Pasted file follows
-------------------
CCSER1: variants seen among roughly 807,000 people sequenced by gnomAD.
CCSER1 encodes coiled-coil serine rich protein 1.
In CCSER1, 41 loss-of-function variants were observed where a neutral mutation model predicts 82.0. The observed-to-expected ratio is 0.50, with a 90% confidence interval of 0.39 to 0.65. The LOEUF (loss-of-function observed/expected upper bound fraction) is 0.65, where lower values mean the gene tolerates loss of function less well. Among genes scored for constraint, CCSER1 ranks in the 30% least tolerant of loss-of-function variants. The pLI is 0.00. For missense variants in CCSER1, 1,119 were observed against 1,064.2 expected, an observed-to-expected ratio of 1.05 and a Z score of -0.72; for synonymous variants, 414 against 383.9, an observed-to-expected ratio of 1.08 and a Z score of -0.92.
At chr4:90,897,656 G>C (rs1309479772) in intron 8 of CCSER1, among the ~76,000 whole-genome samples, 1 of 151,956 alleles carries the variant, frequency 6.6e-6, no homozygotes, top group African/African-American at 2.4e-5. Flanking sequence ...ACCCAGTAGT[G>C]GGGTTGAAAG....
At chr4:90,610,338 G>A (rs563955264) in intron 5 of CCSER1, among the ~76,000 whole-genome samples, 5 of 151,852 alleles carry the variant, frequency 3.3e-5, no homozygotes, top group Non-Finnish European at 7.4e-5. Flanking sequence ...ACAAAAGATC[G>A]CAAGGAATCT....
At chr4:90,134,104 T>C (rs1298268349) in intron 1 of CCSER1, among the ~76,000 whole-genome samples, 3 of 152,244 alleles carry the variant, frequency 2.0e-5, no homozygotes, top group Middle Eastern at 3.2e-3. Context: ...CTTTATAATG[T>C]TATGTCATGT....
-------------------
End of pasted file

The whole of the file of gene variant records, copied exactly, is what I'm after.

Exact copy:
CCSER1: variants seen among roughly 807,000 people sequenced by gnomAD.
CCSER1 encodes coiled-coil serine rich protein 1.
In CCSER1, 41 loss-of-function variants were observed where a neutral mutation model predicts 82.0. The observed-to-expected ratio is 0.50, with a 90% confidence interval of 0.39 to 0.65. The LOEUF (loss-of-function observed/expected upper bound fraction) is 0.65, where lower values mean the gene tolerates loss of function less well. Among genes scored for constraint, CCSER1 ranks in the 30% least tolerant of loss-of-function variants. The pLI is 0.00. For missense variants in CCSER1, 1,119 were observed against 1,064.2 expected, an observed-to-expected ratio of 1.05 and a Z score of -0.72; for synonymous variants, 414 against 383.9, an observed-to-expected ratio of 1.08 and a Z score of -0.92.
At chr4:90,897,656 G>C (rs1309479772) in intron 8 of CCSER1, among the ~76,000 whole-genome samples, 1 of 151,956 alleles carries the variant, frequency 6.6e-6, no homozygotes, top group African/African-American at 2.4e-5. Flanking sequence ...ACCCAGTAGT[G>C]GGGTTGAAAG....
At chr4:90,610,338 G>A (rs563955264) in intron 5 of CCSER1, among the ~76,000 whole-genome samples, 5 of 151,852 alleles carry the variant, frequency 3.3e-5, no homozygotes, top group Non-Finnish European at 7.4e-5. Flanking sequence ...ACAAAAGATC[G>A]CAAGGAATCT....
At chr4:90,134,104 T>C (rs1298268349) in intron 1 of CCSER1, among the ~76,000 whole-genome samples, 3 of 152,244 alleles carry the variant, frequency 2.0e-5, no homozygotes, top group Middle Eastern at 3.2e-3. Context: ...CTTTATAATG[T>C]TATGTCATGT....